Support Hyperallergic’s independent arts journalism.
Art Fag City associate editor Will Brand responded to my review of curator Lindsay Howard’s Speed Show Awareness of Everything on Facebook, and the conversation quickly turned to the intricacies and etiquette involved in exhibiting internet art. Here are a few of the issues.
I provide quick answers to these questions based solely on my own opinion. Please feel free to disagree! Loudly! In the comment section!
There are really no cut and dry answers to any of these questions, but I think it is important that we start to ask and talk about them in a larger art world context. Hopefully we can grow the conversation from there. Any other questions about internet art? Add them to the comments, and maybe we’ll make it a series.
1. Do you have to ask permission?
Q: Brand kicked it off by asking curator Lindsay Howard, “did you ask everybody’s permission to put them in this show?” The answer was yes, following the Speed Show’s original format. But do you really have to ask permission to show some people a website? In this case, Howard’s show didn’t really involve any discrete pieces; it was more about the artists’ online oeuvre. So do you have to ask to display work that’s already public?
A: Yes. Plain old manners and etiquette should tell you that it would be nice if you asked an artist’s permission to show their work under your own name, at least in a formal gallery show, in a physical space. Do you have to ask to re-blog? Is re-blogging a form of curating? That’s one for another post.
2. What do you show it on?
Q: Howard’s Speed Show took place in a real-life internet cafe, so the computers that the works were shown on weren’t exactly commercial art gallery quality. They were beat up, old things, largely outdated. Yet these retro (c. 2011) computers gave the show a particularly informal vibe that helped visitors approach art they may have not been familiar with, a vibe that wouldn’t have been there if the works were projected onto a white cube wall. So can a junky computer show internet art?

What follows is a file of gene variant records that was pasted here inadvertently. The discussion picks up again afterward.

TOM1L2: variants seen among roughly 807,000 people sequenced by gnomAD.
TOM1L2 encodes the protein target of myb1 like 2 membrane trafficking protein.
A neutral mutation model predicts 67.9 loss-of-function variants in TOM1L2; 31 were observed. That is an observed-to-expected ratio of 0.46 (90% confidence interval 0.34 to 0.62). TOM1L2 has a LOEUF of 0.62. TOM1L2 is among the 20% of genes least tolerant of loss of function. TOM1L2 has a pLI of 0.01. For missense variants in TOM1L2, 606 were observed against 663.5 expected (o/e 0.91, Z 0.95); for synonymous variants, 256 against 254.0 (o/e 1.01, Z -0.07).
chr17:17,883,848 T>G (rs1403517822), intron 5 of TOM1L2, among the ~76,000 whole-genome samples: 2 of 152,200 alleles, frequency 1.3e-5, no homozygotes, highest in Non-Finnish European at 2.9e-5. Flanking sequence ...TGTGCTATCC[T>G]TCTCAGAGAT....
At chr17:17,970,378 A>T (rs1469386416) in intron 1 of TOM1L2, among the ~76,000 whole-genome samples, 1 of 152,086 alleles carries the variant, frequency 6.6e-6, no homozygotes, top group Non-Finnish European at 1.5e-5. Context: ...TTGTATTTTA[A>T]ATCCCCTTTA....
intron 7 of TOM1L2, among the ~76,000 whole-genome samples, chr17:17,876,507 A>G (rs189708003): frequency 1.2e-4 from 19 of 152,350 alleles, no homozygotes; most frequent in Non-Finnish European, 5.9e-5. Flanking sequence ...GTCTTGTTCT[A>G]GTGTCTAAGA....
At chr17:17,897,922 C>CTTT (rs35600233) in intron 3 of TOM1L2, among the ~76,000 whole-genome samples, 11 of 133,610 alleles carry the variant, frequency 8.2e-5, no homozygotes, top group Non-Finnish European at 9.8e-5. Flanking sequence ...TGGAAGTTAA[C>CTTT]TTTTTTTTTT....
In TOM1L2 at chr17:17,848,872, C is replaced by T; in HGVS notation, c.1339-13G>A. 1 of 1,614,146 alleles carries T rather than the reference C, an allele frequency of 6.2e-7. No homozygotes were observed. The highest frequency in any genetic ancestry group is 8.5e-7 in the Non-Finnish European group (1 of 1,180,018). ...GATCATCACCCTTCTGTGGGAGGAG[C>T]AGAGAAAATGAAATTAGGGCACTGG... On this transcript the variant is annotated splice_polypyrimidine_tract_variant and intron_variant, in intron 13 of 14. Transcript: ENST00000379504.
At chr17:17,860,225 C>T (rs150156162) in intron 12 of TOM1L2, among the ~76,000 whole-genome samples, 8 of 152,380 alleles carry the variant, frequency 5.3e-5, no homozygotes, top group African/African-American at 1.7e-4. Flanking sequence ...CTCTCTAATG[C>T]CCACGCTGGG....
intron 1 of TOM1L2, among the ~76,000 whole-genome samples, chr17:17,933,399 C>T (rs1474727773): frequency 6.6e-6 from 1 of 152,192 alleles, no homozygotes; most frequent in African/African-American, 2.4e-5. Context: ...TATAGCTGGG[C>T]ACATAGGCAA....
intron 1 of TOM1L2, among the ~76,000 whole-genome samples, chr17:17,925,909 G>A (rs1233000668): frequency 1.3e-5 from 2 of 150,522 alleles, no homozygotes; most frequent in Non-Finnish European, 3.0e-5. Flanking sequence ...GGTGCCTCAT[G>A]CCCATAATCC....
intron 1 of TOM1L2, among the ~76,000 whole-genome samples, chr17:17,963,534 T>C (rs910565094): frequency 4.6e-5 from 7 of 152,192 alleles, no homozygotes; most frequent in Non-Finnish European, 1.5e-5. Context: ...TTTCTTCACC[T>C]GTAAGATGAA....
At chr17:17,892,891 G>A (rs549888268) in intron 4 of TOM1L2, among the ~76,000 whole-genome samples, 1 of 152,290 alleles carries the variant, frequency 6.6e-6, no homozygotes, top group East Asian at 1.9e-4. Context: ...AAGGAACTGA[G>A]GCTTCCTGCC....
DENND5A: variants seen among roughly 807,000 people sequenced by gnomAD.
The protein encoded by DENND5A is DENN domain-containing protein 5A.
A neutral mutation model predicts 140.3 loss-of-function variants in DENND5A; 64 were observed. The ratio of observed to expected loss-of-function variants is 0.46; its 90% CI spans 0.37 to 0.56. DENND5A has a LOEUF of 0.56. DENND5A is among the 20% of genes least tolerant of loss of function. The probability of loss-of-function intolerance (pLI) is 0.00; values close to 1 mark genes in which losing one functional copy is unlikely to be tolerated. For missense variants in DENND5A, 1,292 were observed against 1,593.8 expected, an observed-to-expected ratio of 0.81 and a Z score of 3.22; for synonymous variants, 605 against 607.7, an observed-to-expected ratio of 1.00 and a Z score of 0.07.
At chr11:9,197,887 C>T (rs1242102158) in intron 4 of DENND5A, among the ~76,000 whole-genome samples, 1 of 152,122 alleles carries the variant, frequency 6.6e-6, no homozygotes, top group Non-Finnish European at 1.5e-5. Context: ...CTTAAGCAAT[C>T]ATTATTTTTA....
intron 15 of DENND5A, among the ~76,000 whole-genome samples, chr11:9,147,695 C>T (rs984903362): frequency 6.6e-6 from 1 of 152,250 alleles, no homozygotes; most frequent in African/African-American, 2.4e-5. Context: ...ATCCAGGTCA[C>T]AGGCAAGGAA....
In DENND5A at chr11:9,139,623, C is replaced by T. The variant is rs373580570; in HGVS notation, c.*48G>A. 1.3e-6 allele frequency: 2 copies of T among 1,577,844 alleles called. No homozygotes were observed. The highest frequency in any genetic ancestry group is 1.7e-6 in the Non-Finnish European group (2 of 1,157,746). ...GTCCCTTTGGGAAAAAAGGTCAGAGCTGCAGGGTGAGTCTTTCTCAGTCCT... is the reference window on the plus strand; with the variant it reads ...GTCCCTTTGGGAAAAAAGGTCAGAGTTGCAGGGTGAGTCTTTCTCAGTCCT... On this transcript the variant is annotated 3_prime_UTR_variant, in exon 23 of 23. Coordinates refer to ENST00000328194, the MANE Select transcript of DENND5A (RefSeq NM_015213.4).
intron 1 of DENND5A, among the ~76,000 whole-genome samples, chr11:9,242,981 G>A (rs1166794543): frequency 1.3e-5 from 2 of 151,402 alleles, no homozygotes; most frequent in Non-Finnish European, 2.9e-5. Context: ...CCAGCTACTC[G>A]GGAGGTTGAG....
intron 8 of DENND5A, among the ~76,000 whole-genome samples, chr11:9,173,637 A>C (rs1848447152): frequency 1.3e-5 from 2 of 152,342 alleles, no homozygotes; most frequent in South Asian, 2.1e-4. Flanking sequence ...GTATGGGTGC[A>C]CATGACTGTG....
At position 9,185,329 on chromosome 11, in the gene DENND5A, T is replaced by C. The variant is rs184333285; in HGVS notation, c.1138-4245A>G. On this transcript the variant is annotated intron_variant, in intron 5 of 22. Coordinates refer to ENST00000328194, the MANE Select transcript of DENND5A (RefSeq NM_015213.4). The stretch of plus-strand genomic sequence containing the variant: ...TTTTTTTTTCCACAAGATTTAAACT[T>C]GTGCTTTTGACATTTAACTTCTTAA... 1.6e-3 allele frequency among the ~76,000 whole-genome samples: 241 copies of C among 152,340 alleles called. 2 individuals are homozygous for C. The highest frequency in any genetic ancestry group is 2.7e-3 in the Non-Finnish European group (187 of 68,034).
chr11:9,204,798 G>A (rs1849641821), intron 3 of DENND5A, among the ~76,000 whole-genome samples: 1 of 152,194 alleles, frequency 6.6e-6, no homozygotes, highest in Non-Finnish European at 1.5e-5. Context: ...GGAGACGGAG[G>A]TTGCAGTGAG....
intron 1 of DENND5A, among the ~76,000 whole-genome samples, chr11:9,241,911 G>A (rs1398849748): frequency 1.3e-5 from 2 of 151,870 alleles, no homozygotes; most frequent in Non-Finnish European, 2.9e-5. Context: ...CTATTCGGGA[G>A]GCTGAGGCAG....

A: Anything you want. Different formats impact the work on display in different ways, adding formality or informality, divorcing the viewer from the work or bringing them in, creating a shiny complete object or showing a work in progress. It’s up to the curator!
3. Is one screen enough?
Q: Internet art often can’t be boiled down to a single discrete piece of art: there’s no one canvas to point to, no definitive version. In fact, a work will look different on literally every different screen it is shown on. Some projects are distributed across the internet in viral iterations, others exist as YouTube or Vimeo-hosted files. So how do curators create the illusion of a single work to put in a show?
A: It’s complicated. The best curators and exhibitions of internet art will be sure to actively show that versions of a single piece exist outside of the gallery. There’s no illusion of scarcity when what you’re showing is an artist’s Tumblr or a GIF file. It’s possible to do that through exhibition text, catalogue content or simply displaying lots of examples or versions of a piece.
4. Can you check your email?
Q: Just because internet art is sometimes displayed on a computer doesn’t mean you can feel free to check your Gmail. Or does it? Should curators invite viewers to use the computers for activities not originally planned by the artist, or does this interactivity take away from the high-art nature of an exhibition?